Tuesday, May 15, 2018

Honors 9 English
                                                        To Build a Fire Notes

·      Today’s assignment for EuroLit:
o   Read “1984”
o   Check out “The Heart Goes last”
·      Today’s assignment for English 9 Honors:
o   Re-read “To Build a Fire”
o   Pre-write your essay rough draft.
o   Bring only your story tomorrow.

·      Plot:
o   Setting: “The unprotected tip of the planet”
o   Exposition:
§  How cold it is in the wild.
§  The man is a newcomer to Alaskan winter.
§  The man is lazy, out of shape, and unprepared.
§  The old man from Sulfur Creek’s advice is ignored.
§  The man is “without imagination”(168)
o   Complication in the rising and falling action:
§  The temperature
§  The time it will take for the man to complete his trip.
§  The distance the man has to travel.
§  The vicious cycle of the man’s oncoming hypothermia, causing him to panic.
·      The more the man panics, the more he makes mistakes, increasing his hypothermia and his panic, ultimately leading to freezing to death.
All complications are objective (have to do with his body) but have an effect on his mind (subjective).

o   Climax:
o   Denouement:
§  The dog waits for the man to move, but smells “the scent of death” and delays shortly before going off to where it knows the other “food providers” are (181).
·      The dog howls when it smells the scent of death. Why?
o   We don’t know why the dog howls.
o   Page 169: “no difference from its wild brother, the wolf”
o   Page 171: “This was a matter of instinct… It did not know this. It merely obeyed the mysterious prompting that arose from the deep crypts of its being…”
o   Page 181: “Under the stars that leaped and danced and shone brightly in the cold sky…”
·      Imagination is more important than knowledge, for knowledge is limited to what we understand.
·      Character:
o   Ideally, you would want to do both the “A comes back to A” analysis simultaneously with the Homeric Pattern analysis.
o   The man’s moment of anagnorisis is right before he slips into the most confortable “sleep” he has ever known (180).
o   The man has arête due to his being a mortal being, pursuing the immortality of fame.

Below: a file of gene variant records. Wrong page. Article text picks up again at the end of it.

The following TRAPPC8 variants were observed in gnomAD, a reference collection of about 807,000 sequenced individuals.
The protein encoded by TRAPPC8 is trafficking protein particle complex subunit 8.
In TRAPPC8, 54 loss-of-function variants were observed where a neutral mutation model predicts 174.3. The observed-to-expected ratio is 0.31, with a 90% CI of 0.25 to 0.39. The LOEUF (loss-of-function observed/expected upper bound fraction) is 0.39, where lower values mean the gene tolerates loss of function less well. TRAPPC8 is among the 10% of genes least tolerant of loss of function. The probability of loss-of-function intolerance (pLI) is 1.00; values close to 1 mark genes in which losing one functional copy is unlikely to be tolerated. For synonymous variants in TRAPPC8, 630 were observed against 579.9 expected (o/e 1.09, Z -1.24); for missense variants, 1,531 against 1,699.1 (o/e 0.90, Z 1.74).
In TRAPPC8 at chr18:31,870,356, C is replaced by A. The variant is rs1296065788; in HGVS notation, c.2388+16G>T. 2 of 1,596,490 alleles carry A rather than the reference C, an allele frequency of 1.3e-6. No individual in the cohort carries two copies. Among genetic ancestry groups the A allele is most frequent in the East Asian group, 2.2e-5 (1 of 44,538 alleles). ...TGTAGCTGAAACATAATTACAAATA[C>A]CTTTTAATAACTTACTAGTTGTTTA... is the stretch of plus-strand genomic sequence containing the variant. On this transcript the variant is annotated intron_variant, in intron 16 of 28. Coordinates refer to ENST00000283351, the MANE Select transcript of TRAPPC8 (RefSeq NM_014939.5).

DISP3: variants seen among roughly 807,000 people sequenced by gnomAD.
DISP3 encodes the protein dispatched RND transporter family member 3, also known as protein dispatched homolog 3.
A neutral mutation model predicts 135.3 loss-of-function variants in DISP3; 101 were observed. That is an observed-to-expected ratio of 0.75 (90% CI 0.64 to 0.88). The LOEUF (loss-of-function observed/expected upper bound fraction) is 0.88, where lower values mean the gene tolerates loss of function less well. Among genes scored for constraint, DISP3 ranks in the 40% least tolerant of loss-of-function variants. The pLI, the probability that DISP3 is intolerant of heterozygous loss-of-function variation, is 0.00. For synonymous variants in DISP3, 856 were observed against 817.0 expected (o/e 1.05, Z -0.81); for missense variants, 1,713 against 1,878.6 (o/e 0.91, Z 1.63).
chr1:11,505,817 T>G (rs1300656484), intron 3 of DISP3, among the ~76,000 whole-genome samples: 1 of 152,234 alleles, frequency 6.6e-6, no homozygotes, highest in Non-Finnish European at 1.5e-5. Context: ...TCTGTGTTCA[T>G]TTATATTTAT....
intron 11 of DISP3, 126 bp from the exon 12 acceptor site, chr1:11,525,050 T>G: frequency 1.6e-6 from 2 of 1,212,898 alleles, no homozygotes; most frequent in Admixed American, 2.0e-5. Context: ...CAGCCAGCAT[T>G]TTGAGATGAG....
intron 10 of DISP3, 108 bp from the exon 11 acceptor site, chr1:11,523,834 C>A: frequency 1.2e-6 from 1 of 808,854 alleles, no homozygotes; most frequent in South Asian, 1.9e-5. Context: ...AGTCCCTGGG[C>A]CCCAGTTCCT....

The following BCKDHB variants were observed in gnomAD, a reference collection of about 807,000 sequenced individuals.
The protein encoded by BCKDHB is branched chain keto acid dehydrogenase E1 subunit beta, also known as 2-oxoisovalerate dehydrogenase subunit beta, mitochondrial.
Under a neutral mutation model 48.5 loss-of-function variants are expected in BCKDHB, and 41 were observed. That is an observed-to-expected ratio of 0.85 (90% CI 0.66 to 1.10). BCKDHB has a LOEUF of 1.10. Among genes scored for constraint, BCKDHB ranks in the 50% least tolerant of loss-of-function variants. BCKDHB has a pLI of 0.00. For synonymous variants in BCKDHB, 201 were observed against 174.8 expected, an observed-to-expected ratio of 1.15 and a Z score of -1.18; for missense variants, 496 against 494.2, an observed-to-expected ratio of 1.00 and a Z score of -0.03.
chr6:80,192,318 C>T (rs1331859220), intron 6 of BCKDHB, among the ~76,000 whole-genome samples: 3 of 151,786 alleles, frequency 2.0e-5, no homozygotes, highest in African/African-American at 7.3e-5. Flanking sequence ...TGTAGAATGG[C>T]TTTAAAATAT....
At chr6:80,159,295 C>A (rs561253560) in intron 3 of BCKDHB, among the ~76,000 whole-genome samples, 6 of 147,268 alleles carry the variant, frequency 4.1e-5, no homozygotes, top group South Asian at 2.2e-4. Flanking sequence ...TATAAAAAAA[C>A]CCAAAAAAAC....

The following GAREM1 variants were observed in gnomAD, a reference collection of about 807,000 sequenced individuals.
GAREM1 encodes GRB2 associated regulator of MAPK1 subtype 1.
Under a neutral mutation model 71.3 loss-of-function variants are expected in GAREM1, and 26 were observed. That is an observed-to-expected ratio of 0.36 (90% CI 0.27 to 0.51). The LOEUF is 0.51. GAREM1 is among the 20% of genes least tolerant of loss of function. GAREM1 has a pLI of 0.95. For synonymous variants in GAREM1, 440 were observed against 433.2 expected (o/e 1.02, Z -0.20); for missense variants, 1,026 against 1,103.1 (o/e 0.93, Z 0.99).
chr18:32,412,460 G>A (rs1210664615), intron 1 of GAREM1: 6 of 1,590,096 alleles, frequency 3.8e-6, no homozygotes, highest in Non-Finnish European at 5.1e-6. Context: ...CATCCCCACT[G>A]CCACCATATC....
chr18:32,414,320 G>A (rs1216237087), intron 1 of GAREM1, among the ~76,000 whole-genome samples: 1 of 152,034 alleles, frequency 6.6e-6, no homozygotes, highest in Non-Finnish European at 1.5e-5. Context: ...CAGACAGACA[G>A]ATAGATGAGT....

o   The man is a negative example of the theme, being unable to overcome his natural proclivity towards having hubris.
o   The dog is a foil to the man.
§  The dog survives, because it relies on instinct, while the man dies by relying purely on judgment.
·      Man has instinct, but we choose to ignore it.
§  The dog does not push the boundaries of nature.
·      Page 172: The man takes “his comfortable time over a smoke”
o   The man doesn’t want to die. Why did he choose unwisely?
§  The man is overconfident in his ability to survive the cold.
·      Page 174: “The cold of space”
·      There are three kinds of naturalists:
o   Some say that there is nothing else but the objective world.
o   Some believe that there is a mind, and nature is out to get us.
o   Some believe in a mind, but that nature does not care one way or another about the existence of the mind.
·      “They seemed remote from his body and from him…”(174).
o   Quotations from Hemmingway:
§  “How did you feel, hand?”
§  “I’ll eat some more for you.”
§  “He was comfortable, but suffering, although he did not admit the suffering at all.”
§  “The punishment of hunger…”
§  “There was a moment when I could not find… You.”
o   The man thinks that the cold’s effect on his body “doesn’t matter”.
o   Naturalists tend to see nature as a machine-like existence.
o   “All which counted for little…”(174).
·      Page 175: “It was his own fault…”
o   The man was so full of hubris that he could not imagine that, by building the fire underneath the tree, the snow above him would melt and blot out the fire.
§  The man thought that it would be easier to build the fire under the tree, being lazy.
o   “The man was shocked. It was as though he had heard his own sentence of death… Perhaps the old-timer at Sulfur Creek was right…”(175).
·      Page 176: “Try as he would, he could not clutch hope…”
o   “The thought… put him in a panic, but he fought against it and kept calm…”